Working with more than 40 other medical associations, the ACR is supporting proposed federal legislation, the Local Coverage Determination Clarification Act of 2017 (S. 794). The bill is co-sponsored by Sens. Johnny Isakson (R-Ga.), Tom Carper (D-Del.), John Boozman (R-Ark.) and Debbie Stabenow (D-Mich.).
The bill’s provisions would add transparency to how Medicare Administrative Contractors (MACs) set or amend local coverage determinations (LCDs) for treatments or services reimbursed by Medicare. It would require MACs to hold open meetings, disclose evidence to back up their determinations, and provide ample time and opportunity for providers and suppliers to appeal decisions.
MACs & LCDs
MACs were created as a result of the 2003 Medicare Prescription Drug Improvement and Modernization Act (MMA), a law that reformed Medicare contracting. MACs are organizations that adjudicate Medicare Parts A and B claims and LCDs, which are decisions made by MACs on whether or not to cover medical items or services throughout their coverage area in accordance with Section 1862(a)(1)(A) of the Social Security Act.
“Medicare LCDs affect all patients and prescribers,” says Sean M. Fahey, MD, a rheumatologist in Mooresville, N.C., and the chair of the ACR’s Insurance Subcommittee. “The restructuring of the Medicare contractor responsibilities has given some MACs jurisdiction over large swaths of the country—some up to 10 states.” As a result, rheumatologists and other stakeholders have fewer opportunities to communicate with medical directors at MACs, which set local medical policies, or LCDs, he says. In addition, local coverage determinations often become national in scope because MACs can adopt each other’s draft LCDs and make them widespread policy.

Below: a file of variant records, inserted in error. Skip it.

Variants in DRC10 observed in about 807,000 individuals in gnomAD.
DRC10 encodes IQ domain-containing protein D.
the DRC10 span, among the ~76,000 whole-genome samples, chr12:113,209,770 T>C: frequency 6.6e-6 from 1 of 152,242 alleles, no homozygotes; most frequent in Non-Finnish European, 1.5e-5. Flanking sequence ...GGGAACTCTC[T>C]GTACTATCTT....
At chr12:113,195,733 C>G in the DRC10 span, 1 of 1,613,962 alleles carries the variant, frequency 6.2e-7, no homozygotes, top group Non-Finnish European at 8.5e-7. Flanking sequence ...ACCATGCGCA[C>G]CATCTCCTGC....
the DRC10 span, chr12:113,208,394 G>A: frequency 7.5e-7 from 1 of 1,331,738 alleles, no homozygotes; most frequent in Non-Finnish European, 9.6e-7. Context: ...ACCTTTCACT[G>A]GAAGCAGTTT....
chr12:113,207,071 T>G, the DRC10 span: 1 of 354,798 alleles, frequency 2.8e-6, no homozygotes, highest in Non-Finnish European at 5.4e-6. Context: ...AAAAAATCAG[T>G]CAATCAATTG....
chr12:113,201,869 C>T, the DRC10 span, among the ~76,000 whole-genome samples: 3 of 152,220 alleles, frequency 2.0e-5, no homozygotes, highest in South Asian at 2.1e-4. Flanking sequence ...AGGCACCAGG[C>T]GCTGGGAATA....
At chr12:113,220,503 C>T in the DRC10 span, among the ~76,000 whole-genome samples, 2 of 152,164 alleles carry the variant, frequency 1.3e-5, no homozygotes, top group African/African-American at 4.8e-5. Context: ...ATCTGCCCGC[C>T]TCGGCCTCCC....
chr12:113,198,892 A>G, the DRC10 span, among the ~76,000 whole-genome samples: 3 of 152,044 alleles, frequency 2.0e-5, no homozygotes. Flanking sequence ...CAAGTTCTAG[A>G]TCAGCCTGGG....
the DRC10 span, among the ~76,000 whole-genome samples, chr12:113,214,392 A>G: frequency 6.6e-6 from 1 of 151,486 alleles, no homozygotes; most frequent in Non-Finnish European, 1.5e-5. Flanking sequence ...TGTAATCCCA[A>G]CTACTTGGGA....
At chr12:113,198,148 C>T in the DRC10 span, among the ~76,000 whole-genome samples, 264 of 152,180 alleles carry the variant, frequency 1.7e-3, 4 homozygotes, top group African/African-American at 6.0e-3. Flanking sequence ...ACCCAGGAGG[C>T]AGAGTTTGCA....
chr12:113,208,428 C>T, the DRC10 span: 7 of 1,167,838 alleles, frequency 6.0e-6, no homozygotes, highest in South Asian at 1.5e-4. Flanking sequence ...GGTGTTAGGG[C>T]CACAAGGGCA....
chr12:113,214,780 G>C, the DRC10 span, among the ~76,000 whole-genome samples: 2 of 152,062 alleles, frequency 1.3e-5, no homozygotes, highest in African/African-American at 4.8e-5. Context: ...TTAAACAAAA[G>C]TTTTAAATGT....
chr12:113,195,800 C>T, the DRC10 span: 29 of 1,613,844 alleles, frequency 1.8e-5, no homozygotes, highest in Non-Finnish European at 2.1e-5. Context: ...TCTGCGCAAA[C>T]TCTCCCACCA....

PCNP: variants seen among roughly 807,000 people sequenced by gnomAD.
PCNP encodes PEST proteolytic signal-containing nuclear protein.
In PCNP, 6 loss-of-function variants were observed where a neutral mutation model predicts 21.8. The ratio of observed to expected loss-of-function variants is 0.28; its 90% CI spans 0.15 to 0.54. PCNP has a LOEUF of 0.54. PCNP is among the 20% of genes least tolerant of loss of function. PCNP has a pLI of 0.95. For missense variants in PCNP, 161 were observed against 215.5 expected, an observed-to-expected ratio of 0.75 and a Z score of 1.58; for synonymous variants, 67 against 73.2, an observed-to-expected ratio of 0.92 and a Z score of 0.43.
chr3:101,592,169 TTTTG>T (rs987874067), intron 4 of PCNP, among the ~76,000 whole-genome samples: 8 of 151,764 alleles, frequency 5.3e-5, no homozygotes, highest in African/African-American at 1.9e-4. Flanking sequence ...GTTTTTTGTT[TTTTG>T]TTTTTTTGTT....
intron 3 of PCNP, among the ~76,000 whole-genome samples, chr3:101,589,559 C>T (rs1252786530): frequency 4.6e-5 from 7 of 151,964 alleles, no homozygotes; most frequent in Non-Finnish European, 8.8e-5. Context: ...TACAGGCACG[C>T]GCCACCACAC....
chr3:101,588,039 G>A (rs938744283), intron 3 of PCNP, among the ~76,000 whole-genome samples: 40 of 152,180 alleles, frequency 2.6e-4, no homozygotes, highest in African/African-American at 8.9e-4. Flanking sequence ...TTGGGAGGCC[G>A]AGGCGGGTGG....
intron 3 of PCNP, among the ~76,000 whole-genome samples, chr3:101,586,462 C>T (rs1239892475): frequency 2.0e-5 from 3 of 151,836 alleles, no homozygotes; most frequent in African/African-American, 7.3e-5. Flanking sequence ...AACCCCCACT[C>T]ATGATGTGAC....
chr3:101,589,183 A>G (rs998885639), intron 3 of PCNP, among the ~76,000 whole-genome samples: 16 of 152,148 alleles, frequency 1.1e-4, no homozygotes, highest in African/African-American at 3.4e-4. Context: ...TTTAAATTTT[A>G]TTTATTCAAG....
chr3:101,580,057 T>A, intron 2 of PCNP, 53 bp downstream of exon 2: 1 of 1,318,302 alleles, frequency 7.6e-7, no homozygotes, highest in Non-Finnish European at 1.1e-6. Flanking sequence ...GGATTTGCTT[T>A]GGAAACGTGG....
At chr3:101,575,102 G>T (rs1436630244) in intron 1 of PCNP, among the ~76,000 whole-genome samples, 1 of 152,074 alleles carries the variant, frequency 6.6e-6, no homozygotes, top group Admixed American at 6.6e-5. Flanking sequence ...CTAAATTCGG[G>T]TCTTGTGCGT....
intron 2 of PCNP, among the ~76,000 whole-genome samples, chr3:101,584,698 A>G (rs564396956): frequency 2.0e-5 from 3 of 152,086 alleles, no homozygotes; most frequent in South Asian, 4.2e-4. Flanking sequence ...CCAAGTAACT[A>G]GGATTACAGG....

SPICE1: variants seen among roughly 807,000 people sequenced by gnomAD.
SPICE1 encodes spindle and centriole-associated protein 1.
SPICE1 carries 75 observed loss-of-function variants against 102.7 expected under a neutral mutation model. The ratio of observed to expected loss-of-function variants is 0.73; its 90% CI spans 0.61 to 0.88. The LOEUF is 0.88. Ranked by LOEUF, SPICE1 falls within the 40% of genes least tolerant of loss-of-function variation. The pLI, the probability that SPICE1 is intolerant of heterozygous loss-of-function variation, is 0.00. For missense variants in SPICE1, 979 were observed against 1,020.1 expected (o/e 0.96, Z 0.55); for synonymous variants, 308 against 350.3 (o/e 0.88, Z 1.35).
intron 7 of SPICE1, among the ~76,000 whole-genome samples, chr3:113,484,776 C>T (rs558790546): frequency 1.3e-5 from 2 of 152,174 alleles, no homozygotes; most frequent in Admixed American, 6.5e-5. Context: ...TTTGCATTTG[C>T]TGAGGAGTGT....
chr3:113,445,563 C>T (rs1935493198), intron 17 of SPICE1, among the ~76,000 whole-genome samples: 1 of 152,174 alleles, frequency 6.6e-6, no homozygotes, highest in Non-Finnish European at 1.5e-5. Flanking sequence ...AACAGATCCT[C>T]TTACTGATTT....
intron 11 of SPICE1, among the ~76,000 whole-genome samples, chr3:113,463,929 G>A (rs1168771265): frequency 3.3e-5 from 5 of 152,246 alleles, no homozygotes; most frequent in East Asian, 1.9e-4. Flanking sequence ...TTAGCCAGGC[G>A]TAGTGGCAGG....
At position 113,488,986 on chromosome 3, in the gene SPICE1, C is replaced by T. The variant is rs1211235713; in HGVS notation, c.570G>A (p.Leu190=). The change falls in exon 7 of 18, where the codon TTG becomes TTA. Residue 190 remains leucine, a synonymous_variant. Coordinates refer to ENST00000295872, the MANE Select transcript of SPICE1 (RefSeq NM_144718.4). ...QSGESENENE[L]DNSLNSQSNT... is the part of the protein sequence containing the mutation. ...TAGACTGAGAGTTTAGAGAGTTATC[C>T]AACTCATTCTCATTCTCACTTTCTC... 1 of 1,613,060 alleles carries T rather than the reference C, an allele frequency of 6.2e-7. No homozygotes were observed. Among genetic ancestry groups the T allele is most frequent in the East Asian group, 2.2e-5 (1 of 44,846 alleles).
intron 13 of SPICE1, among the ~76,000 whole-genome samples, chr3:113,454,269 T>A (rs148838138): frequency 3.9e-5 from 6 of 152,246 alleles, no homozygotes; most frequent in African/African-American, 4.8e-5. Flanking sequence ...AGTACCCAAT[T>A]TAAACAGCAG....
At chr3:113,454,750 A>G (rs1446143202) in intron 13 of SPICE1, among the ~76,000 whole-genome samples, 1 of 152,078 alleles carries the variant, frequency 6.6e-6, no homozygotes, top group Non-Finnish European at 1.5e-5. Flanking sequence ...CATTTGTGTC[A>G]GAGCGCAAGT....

“The LCD process has come into play for rheumatologists and our patients regarding coverage for injectable biologics and tests commonly ordered by rheumatologists, as well as delineation between medications that are considered complex and medications that are considered simple for infusion administrative purposes,” says Dr. Fahey.
Other Proposed Provisions: Transparency, Appeals
794’s proposed provisions would modify the process of creating or modifying LCDs to make it more transparent and inclusive of stakeholders’ input, says Dr. Fahey.
“It would create public meetings for the Contractor Advisory Committee and have minutes posted on the website for each MAC. It would require the MAC provide rational and preliminary evidence for why a new or revised LCD is being considered,” he says. This change would help prevent MACs collaborating on LCDs and making them “de facto national coverage determinations.”
The bill also proposes the creation of a process for providers and medical care suppliers to formally appeal the MAC’s decision to the Center for Medicare and Medicaid Services (CMS). Currently, CMS rules make MAC LCDs final, and do not allow review or appeal.